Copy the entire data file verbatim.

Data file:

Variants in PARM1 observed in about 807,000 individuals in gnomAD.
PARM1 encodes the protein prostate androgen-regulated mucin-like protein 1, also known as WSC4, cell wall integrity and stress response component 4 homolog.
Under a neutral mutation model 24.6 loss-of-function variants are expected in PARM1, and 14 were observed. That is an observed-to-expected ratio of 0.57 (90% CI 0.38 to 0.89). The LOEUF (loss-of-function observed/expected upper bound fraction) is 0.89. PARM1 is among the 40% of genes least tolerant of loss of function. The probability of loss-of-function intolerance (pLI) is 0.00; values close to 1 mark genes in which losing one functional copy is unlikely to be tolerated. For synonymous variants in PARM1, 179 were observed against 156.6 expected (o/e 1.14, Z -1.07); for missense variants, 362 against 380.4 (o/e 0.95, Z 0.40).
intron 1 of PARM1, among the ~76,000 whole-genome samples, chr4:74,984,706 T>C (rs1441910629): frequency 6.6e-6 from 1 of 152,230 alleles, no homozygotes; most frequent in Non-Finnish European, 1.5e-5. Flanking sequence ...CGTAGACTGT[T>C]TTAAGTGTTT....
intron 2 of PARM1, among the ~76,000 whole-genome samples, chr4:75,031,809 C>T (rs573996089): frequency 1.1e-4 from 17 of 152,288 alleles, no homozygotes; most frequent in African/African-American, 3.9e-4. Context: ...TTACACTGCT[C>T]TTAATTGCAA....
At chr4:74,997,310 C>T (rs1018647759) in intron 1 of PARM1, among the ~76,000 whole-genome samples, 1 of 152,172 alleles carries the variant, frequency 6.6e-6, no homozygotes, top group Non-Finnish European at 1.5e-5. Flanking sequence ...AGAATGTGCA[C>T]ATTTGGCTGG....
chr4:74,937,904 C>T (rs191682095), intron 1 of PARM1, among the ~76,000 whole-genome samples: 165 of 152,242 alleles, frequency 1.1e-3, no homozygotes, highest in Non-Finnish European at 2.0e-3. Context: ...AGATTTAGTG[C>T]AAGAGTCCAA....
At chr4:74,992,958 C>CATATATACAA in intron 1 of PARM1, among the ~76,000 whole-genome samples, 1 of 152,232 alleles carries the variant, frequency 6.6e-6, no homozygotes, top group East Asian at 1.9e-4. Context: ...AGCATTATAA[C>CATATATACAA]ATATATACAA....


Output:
Variants in PARM1 observed in about 807,000 individuals in gnomAD.
PARM1 encodes the protein prostate androgen-regulated mucin-like protein 1, also known as WSC4, cell wall integrity and stress response component 4 homolog.
Under a neutral mutation model 24.6 loss-of-function variants are expected in PARM1, and 14 were observed. That is an observed-to-expected ratio of 0.57 (90% CI 0.38 to 0.89). The LOEUF (loss-of-function observed/expected upper bound fraction) is 0.89. PARM1 is among the 40% of genes least tolerant of loss of function. The probability of loss-of-function intolerance (pLI) is 0.00; values close to 1 mark genes in which losing one functional copy is unlikely to be tolerated. For synonymous variants in PARM1, 179 were observed against 156.6 expected (o/e 1.14, Z -1.07); for missense variants, 362 against 380.4 (o/e 0.95, Z 0.40).
intron 1 of PARM1, among the ~76,000 whole-genome samples, chr4:74,984,706 T>C (rs1441910629): frequency 6.6e-6 from 1 of 152,230 alleles, no homozygotes; most frequent in Non-Finnish European, 1.5e-5. Flanking sequence ...CGTAGACTGT[T>C]TTAAGTGTTT....
intron 2 of PARM1, among the ~76,000 whole-genome samples, chr4:75,031,809 C>T (rs573996089): frequency 1.1e-4 from 17 of 152,288 alleles, no homozygotes; most frequent in African/African-American, 3.9e-4. Context: ...TTACACTGCT[C>T]TTAATTGCAA....
At chr4:74,997,310 C>T (rs1018647759) in intron 1 of PARM1, among the ~76,000 whole-genome samples, 1 of 152,172 alleles carries the variant, frequency 6.6e-6, no homozygotes, top group Non-Finnish European at 1.5e-5. Flanking sequence ...AGAATGTGCA[C>T]ATTTGGCTGG....
chr4:74,937,904 C>T (rs191682095), intron 1 of PARM1, among the ~76,000 whole-genome samples: 165 of 152,242 alleles, frequency 1.1e-3, no homozygotes, highest in Non-Finnish European at 2.0e-3. Context: ...AGATTTAGTG[C>T]AAGAGTCCAA....
At chr4:74,992,958 C>CATATATACAA in intron 1 of PARM1, among the ~76,000 whole-genome samples, 1 of 152,232 alleles carries the variant, frequency 6.6e-6, no homozygotes, top group East Asian at 1.9e-4. Context: ...AGCATTATAA[C>CATATATACAA]ATATATACAA....